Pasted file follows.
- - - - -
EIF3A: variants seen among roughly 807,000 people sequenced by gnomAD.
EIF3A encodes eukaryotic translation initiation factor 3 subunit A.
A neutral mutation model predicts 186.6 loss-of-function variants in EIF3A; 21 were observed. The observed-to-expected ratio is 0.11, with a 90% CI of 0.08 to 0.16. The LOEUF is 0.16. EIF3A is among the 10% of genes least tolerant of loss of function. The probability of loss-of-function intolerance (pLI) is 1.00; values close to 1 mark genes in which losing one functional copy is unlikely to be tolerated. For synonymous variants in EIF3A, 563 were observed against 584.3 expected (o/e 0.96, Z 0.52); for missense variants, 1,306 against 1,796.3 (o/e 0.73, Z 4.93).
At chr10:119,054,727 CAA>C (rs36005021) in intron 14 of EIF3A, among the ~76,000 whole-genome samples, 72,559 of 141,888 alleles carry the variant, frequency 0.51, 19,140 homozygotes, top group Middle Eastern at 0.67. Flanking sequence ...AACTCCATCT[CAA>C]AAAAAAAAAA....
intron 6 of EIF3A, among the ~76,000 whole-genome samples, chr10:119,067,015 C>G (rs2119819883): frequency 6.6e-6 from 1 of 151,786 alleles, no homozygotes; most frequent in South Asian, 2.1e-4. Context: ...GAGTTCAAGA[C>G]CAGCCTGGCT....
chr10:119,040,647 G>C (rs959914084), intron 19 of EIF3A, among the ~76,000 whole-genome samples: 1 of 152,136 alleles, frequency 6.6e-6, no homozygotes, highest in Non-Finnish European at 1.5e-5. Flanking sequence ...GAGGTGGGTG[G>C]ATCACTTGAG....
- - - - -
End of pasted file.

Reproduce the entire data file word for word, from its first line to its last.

EIF3A: variants seen among roughly 807,000 people sequenced by gnomAD.
EIF3A encodes eukaryotic translation initiation factor 3 subunit A.
A neutral mutation model predicts 186.6 loss-of-function variants in EIF3A; 21 were observed. The observed-to-expected ratio is 0.11, with a 90% CI of 0.08 to 0.16. The LOEUF is 0.16. EIF3A is among the 10% of genes least tolerant of loss of function. The probability of loss-of-function intolerance (pLI) is 1.00; values close to 1 mark genes in which losing one functional copy is unlikely to be tolerated. For synonymous variants in EIF3A, 563 were observed against 584.3 expected (o/e 0.96, Z 0.52); for missense variants, 1,306 against 1,796.3 (o/e 0.73, Z 4.93).
At chr10:119,054,727 CAA>C (rs36005021) in intron 14 of EIF3A, among the ~76,000 whole-genome samples, 72,559 of 141,888 alleles carry the variant, frequency 0.51, 19,140 homozygotes, top group Middle Eastern at 0.67. Flanking sequence ...AACTCCATCT[CAA>C]AAAAAAAAAA....
intron 6 of EIF3A, among the ~76,000 whole-genome samples, chr10:119,067,015 C>G (rs2119819883): frequency 6.6e-6 from 1 of 151,786 alleles, no homozygotes; most frequent in South Asian, 2.1e-4. Context: ...GAGTTCAAGA[C>G]CAGCCTGGCT....
chr10:119,040,647 G>C (rs959914084), intron 19 of EIF3A, among the ~76,000 whole-genome samples: 1 of 152,136 alleles, frequency 6.6e-6, no homozygotes, highest in Non-Finnish European at 1.5e-5. Flanking sequence ...GAGGTGGGTG[G>C]ATCACTTGAG....